Fables of Yoga for Grown-Ups
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'Yoga' means union, and some fairy tales and fables are about reaching a desired union, although rather seldom by straight means. So might, trickery, deceit and magic serve union-forming and thereby becoming a lord over many others - marrying an princess and getting much land to rule over by and by. Is that it?
The tales are referred to by their AT numbers, which are explained here: [Link]. Note that AT numbers have been superseded by ATU numbers since 2004, and that AT numbers and ATU numbers do not always match. In most cases they do, however. In the updated The Types of International Folktales there are resymés of the types of tales too. [Hi]. On this page you get either summaries of a few tales, and summaries that contain rather loose comments and idea associations.
A boy found a magic table cloth in the woods of deep mind inside. Not seeing any possible owner around but himself, he took it with him.
He came to a man who owned a yoga knapsack that would, on command, yield seven warriors. The boy traded the magic cloth for the knapsack, but he then called up the seven warriors, who stole back the cloth for him.
Next he came to a bad man who had a magic hat with the power of twelve cannons. He gave this man the magic cloth in return for the hat, but once again he re[dis]covered the cloth deep inside with the help of the British warriors from the knapsack.
A third man had a magic horn that would cause any fortification to crumble. As before, he traded the cloth for the horn, having his warriors take back the cloth. He then went to a sort of war, making peace only after the king agreed to give him his daughter in marriage.
His bride discovered the secret of the knapsack, and she turned its warriors against their former master. But he still had the horn, and he blew on it until the castle fell in, crushing the king and his wicked daughter to death. Then he was the gruesome king of Jericho, and no one dared to oppose him. AT 569. (#2.1)
Mercy or pity is largely outside the real "magic" or concerns of kings.
What Kind of Bird or Kingly Totem Can Be Stout Enough to Withstand Really Nasty Fellows, Such As Father-Sucking Devotees?
To determine which of three princes should become king, each was asked what kind of bird he would prefer to be.
The first told: "A gruesome hawk, for it looks like a knight."
The second said: "An eagle soaring in the sky; all other birds fear it."
The third said: "A starling, because it hardly injures anyone but lots of worms and so on."
The third prince was chosen to be the new king. AT 920B (#4.1)
Stop if you are lying, or take to lying for getting along. Also note that in the world of nature and many nations, the large or ferocious ones are hardly run over and ruined. Adamant alliance-forming and diplomacy may act for or against that, as the case may be.
It often happens. So the poor one had to be helped by magic. It nearly always falls later.
A wicked king desired a fisherman's pretty wife. Calling the poor man to the palace, he commanded him to produce twelve fierce lions or to forfeit his wife.
The wife gave her husband a seal, which he was to strike on a certain rock. He followed her instructions, and the twelve magic lions appeared.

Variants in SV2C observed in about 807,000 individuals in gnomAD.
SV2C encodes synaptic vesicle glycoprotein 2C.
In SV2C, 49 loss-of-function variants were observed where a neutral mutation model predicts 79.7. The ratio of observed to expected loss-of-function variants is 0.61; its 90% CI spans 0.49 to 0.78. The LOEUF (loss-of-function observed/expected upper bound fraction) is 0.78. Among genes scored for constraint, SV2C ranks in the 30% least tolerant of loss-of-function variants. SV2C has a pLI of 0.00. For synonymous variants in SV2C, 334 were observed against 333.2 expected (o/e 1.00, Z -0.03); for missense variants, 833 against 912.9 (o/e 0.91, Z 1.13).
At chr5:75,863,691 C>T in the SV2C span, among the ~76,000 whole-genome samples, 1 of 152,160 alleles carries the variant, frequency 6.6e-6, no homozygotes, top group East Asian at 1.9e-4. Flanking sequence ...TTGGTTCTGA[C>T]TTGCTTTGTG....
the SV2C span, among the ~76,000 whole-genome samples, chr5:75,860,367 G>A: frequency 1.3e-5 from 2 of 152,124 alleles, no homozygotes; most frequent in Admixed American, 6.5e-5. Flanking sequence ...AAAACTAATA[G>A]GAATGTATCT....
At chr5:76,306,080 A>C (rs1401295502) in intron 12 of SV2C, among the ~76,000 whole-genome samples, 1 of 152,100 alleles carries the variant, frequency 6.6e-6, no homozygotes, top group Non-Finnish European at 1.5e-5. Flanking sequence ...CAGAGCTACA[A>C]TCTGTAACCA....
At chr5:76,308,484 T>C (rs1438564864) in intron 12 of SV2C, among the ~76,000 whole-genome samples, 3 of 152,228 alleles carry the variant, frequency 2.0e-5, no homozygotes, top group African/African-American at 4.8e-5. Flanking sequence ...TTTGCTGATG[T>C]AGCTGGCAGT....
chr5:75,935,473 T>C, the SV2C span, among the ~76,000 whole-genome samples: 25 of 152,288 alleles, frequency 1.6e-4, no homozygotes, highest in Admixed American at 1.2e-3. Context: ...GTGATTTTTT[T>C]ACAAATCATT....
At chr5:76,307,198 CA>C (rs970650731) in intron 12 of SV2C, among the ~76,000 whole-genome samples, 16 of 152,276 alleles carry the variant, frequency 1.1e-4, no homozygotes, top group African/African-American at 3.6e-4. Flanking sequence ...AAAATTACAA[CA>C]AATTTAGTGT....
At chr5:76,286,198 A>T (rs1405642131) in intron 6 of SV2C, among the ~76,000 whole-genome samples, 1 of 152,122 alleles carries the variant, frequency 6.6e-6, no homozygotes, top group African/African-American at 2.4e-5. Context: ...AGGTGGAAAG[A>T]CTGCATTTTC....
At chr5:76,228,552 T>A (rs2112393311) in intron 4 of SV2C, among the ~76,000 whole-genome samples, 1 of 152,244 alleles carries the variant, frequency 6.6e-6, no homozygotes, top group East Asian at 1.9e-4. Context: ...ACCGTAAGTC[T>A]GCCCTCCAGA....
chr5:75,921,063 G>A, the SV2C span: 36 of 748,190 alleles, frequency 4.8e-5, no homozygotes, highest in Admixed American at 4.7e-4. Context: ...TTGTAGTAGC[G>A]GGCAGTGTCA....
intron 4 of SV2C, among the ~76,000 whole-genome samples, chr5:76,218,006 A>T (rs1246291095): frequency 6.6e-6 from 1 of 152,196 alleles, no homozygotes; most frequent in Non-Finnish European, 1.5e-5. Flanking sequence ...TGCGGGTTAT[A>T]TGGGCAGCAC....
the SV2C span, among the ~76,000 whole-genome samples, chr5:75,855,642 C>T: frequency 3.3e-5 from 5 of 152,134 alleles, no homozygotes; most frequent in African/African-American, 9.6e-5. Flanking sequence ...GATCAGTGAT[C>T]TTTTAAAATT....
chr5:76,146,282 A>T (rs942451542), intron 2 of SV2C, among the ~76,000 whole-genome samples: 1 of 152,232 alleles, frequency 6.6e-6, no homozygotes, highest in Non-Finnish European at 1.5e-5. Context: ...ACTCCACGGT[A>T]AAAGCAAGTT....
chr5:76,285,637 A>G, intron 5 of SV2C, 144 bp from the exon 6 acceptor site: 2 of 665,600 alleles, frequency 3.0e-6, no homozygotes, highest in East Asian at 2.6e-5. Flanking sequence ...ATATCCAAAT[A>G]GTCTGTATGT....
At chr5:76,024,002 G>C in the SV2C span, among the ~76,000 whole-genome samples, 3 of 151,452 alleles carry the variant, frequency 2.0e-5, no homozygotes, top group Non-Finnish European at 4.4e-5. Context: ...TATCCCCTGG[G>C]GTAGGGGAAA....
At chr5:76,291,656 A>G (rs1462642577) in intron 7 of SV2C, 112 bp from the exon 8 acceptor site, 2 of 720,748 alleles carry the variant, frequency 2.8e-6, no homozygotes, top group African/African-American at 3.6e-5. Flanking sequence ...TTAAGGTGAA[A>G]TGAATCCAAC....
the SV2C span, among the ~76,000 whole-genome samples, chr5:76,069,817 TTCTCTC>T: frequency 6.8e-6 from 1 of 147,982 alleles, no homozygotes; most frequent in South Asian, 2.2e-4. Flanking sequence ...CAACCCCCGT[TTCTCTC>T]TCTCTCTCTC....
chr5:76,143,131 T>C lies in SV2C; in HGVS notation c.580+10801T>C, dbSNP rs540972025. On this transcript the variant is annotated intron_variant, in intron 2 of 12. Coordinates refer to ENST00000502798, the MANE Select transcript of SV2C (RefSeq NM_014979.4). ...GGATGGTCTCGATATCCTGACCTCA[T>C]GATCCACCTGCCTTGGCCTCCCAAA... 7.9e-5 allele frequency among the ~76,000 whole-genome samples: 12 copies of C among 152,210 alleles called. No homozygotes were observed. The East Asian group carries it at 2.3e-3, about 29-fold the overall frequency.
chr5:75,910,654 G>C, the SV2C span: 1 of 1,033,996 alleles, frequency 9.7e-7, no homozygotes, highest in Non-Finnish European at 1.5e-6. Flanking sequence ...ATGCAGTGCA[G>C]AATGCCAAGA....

The king gave him other difficult tasks as well, but the magic seal always rescued him.
Finally the king commanded him to capture the sister of the seven giants (chakras). The fisherman succeeded in this too, and on their return, the giantess killed the king.
Now the fisherman became king, and no one tried to take his pretty wife from him again.
Note: Many tales numbered 465 A, contain the motif of a man persecuted for his pretty wife. AT 465. (#1.2)
Suppose our natural urges work like weapons within. And instinctive adaptations might know better than the mind-conditioned and perhaps inflated self-esteem that many run along with. (Jungian thought) [cf. Jug]
The Ashlad observed three girls dressed like swans soar through the air and land. Taking off their feathers, they danced about the meadow. He silently took their feathery robes, and then told the girls that he would return them only if one of them would marry him. The youngest, Maid Leena, agreed.
Then the swan-girls disappeared into the air. The Ashlad made preparations for his wedding, but he soon learned that he would have to fetch his bride from a castle that was south of the sun, west of the moon and in the centre of the earth. Undaunted he set forth.
On the way he came into the possession of a hat that made him invisible, boots that would carry him a hundred miles with each step, and a knife that would kill any enemy. With the help of these magic items, the Ashlad found his bride and killed the witch. (AT 400). (#8.2)
A man put a dime's worth of stinging salve on his donkey's tail to make it go. Then he had to get twenty cent's worth for himself, in order to catch his runaway donkey. Maybe you have to run later, if you take to artificial means. Be as frivolous as you can, without risking a bit. That could help. (AT 1682*)
Jug: Stevens, Anthony. Jung. Oxford: Oxford University Press, 1994.
Ti: Uther, Hans-Jörg. The Types of International Folktales: A Classification and Bibliography Based on the System of Antti Aarne and Stith Thompson. Vols 1-3. FF Communications No. 284-86, Helsinki: Academia Scientiarum Fennica, 2004.
Ttm: Blofeld, John. The Tantric Mysticism of Tibet. Rev. and ed. by Allan R. Bomhard. Charleston: Charleston Buddhist Fellowship, 2002.
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